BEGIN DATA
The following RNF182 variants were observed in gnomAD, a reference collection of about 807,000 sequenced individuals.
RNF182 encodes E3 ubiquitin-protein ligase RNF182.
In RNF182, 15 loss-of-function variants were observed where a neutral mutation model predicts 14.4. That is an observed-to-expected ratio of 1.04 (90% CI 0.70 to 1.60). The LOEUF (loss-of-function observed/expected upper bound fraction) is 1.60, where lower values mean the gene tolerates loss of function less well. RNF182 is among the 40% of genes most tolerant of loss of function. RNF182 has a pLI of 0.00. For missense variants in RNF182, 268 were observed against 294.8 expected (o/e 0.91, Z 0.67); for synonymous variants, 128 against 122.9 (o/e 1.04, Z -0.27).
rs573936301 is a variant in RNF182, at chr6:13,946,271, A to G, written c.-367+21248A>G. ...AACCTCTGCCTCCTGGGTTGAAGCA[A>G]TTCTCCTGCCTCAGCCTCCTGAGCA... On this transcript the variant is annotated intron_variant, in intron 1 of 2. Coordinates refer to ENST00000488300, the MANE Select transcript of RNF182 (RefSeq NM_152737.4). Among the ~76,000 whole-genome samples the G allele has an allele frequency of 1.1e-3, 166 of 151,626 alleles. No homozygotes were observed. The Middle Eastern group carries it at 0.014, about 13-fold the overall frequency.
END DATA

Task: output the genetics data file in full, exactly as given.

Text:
The following RNF182 variants were observed in gnomAD, a reference collection of about 807,000 sequenced individuals.
RNF182 encodes E3 ubiquitin-protein ligase RNF182.
In RNF182, 15 loss-of-function variants were observed where a neutral mutation model predicts 14.4. That is an observed-to-expected ratio of 1.04 (90% CI 0.70 to 1.60). The LOEUF (loss-of-function observed/expected upper bound fraction) is 1.60, where lower values mean the gene tolerates loss of function less well. RNF182 is among the 40% of genes most tolerant of loss of function. RNF182 has a pLI of 0.00. For missense variants in RNF182, 268 were observed against 294.8 expected (o/e 0.91, Z 0.67); for synonymous variants, 128 against 122.9 (o/e 1.04, Z -0.27).
rs573936301 is a variant in RNF182, at chr6:13,946,271, A to G, written c.-367+21248A>G. ...AACCTCTGCCTCCTGGGTTGAAGCA[A>G]TTCTCCTGCCTCAGCCTCCTGAGCA... On this transcript the variant is annotated intron_variant, in intron 1 of 2. Coordinates refer to ENST00000488300, the MANE Select transcript of RNF182 (RefSeq NM_152737.4). Among the ~76,000 whole-genome samples the G allele has an allele frequency of 1.1e-3, 166 of 151,626 alleles. No homozygotes were observed. The Middle Eastern group carries it at 0.014, about 13-fold the overall frequency.